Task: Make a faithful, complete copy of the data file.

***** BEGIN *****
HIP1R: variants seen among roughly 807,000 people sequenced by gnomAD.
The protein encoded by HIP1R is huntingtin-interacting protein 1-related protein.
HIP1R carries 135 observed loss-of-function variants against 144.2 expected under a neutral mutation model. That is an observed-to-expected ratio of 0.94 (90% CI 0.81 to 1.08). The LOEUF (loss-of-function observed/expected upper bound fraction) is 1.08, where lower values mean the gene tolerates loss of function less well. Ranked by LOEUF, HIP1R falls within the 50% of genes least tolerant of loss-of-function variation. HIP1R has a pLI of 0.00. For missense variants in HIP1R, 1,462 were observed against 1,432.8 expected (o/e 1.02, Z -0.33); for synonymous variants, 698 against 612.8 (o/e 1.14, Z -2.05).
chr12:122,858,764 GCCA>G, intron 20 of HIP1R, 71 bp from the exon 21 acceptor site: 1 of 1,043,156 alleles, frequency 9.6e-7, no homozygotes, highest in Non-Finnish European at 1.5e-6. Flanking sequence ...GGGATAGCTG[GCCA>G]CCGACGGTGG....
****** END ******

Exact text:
HIP1R: variants seen among roughly 807,000 people sequenced by gnomAD.
The protein encoded by HIP1R is huntingtin-interacting protein 1-related protein.
HIP1R carries 135 observed loss-of-function variants against 144.2 expected under a neutral mutation model. That is an observed-to-expected ratio of 0.94 (90% CI 0.81 to 1.08). The LOEUF (loss-of-function observed/expected upper bound fraction) is 1.08, where lower values mean the gene tolerates loss of function less well. Ranked by LOEUF, HIP1R falls within the 50% of genes least tolerant of loss-of-function variation. HIP1R has a pLI of 0.00. For missense variants in HIP1R, 1,462 were observed against 1,432.8 expected (o/e 1.02, Z -0.33); for synonymous variants, 698 against 612.8 (o/e 1.14, Z -2.05).
chr12:122,858,764 GCCA>G, intron 20 of HIP1R, 71 bp from the exon 21 acceptor site: 1 of 1,043,156 alleles, frequency 9.6e-7, no homozygotes, highest in Non-Finnish European at 1.5e-6. Flanking sequence ...GGGATAGCTG[GCCA>G]CCGACGGTGG....